The life of Nora London is celebrated in word and song at New York’s Morgan Library

United StatesUnited States ‘Nora London – A Celebration’: Joyce DiDonato (mezzo-soprano), Matthew Polenzani (tenor), Ken Noda (piano). The Morgan Library & Museum, New York, 18.9.2022. (RP)

Nora London © George and Nora London Foundation for Singers

Puccini – ‘E lucevan le stelle’ (Tosca)

Hahn – ‘À Chloris’

On 18 September at The Morgan Library & Museum, Nora London was honored in celebration of her extraordinary life. London, who passed away in June at the age of 98, was the driving force behind the George London Foundation for Singers for some 37 years. The most fitting tribute to this remarkable woman went beyond words, however: going forward, the Foundation will have a new name, The George and Nora London Foundation for Singers.

Canadian-American George London was among the leading bass-baritones of the mid-twentieth century. He sang regularly at the Metropolitan Opera and Vienna State Opera, as well at La Scala and the Glyndebourne and Bayreuth festivals. After a paralyzed vocal cord ended his singing career in 1967, George London became active in arts administration. In 1977, he suffered a severe heart attack that forced him into permanent retirement, and he died in 1985 at the age of 64.

The support and nurturing of young opera singers was an abiding interest of the Londons. Since 1971, the Foundation’s annual competition has given 300+ awards and more than two million dollars to an outstanding roster of young American and Canadian opera singers who have gone on to international stardom. The list of past winners includes Joyce DiDonato, Renée Fleming, Christine Goerke, Catherine Malfitano, James Morris, Eric Owens, Matthew Polenzani, Sondra Radvanovsky, Neil Shicoff and Dawn Upshaw.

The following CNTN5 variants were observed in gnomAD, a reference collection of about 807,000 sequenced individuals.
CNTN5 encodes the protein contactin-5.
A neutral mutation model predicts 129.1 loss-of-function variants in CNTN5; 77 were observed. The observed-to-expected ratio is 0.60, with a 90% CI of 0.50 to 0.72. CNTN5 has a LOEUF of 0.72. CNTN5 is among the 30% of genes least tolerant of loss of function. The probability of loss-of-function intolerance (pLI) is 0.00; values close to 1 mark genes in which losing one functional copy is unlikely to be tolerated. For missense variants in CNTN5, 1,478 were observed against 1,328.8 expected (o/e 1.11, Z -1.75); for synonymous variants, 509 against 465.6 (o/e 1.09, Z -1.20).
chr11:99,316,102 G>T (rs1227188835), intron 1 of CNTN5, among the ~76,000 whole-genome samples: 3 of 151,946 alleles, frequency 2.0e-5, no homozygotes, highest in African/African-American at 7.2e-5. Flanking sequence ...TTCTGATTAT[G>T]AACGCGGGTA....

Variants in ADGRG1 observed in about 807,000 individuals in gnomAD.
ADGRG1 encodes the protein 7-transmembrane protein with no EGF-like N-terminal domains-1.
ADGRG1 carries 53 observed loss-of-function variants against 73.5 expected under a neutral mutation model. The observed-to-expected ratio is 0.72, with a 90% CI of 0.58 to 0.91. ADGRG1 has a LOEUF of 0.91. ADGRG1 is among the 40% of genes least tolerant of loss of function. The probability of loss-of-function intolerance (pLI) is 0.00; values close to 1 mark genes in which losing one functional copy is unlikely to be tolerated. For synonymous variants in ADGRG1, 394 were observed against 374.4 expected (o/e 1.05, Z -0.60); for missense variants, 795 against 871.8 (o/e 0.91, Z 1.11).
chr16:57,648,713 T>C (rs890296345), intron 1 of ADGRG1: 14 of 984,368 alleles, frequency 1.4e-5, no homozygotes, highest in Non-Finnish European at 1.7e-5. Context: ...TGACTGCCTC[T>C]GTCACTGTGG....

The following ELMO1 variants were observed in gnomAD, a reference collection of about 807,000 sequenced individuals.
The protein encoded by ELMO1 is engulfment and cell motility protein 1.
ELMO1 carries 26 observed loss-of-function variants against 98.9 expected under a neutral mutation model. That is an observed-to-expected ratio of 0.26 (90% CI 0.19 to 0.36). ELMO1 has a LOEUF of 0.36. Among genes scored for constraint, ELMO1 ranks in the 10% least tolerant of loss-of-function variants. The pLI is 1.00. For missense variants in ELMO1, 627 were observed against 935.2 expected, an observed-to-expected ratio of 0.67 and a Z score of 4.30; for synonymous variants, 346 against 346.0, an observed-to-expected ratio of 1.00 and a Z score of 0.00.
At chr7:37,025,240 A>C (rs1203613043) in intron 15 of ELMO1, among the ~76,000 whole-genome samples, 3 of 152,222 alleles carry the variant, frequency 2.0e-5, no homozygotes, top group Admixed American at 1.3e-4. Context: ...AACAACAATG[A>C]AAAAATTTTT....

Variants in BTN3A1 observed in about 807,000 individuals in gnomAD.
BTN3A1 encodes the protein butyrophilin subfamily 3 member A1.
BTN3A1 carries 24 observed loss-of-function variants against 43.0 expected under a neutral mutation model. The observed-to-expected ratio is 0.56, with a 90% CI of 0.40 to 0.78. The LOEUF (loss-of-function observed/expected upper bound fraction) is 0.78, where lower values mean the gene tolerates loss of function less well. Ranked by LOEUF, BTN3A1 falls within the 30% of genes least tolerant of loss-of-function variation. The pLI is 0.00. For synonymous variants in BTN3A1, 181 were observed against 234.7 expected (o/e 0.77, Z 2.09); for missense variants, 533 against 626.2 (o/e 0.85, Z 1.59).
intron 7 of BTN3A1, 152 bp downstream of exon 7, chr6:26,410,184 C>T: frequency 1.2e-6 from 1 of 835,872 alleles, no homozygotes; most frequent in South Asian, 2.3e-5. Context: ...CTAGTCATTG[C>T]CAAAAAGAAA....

Joyce DiDonato and Matthew Polenzani offered their voices here in honor of Nora London. Polenzani, the quintessential lyric tenor, has taken on heavier roles in recent years, most notably the title role in Verdi’s Don Carlos at the Met last season to great acclaim. On this occasion, he sang ‘E lucevan le stelle’ from Puccini’s Tosca; his first Cavaradossi was in July at the Savonlinna Opera Festival in Finland. Polenzani’s voice sounded glorious in the dramatic aria, which throbbed with emotion as Cavaradossi bid farewell to life.

DiDonato said that she associated Nora London with all things beautiful, and so offered one of the most elegant and charming songs ever written, Reynaldo Hahn’s ‘À Chloris’. The spell was cast from the moment pianist Ken Noda began playing the stately introduction to the song based on the bass line of Bach’s ‘Air on the G-string’. DiDonato’s mezzo-soprano, floating above the piano, was beauty beyond compare, tinged with an air of melancholy that made for a truly special experience.

George and Nora London in 1950 © George and Nora London Foundation for Singers

Family and friends spoke, giving insights into London’s extraordinary journey in life. Born Nora Schapiro in Berlin in 1924, she moved to Paris to escape the growing antisemitism of the ascendent Nazi Party in Germany. She was again forced to flee when the Nazis invaded France, ultimately making it to the United States via Portugal and South America. When she met George London at a party in New York, it was love at first sight.

Eric Wollberg, one of her ten grandchildren, was the last to speak. It was a grandson’s farewell to a treasured grandmother. Earlier, it had been announced that he and his cousin Katrina London were now on the Foundation’s Board, joining other London family-member trustees: Marina London (Vice-President), Marc D. London (Secretary), Andrew Garvin and John Wollberg.

In his opening remarks, John Hauser, who joined the George London Foundation in 2015 as the Artistic Director and has just been named President, said that Nora London not only fulfilled her husband’s dream but ‘became a matriarch of the opera world in this country – one of its most esteemed figures and, certainly, one of its most beloved’. Opera lovers the world over are indebted to this remarkable lady’s passion for singers.

Rick Perdian

The video of ‘Nora London – A Celebration’ can be viewed on the Foundation’s YouTube (click here).

2 thoughts on “The life of Nora London is celebrated in word and song at New York’s Morgan Library”

  1. As a recently retired member of the San Francisco Opera Orchestra, I recognize and admire all the singers mentioned in Nora London’s obit, and applaud her and George London’s efforts in behalf of opera. also, I have a painting (oil on canvas, still life) signed Nora London. Could it possibly be the same Nora London?


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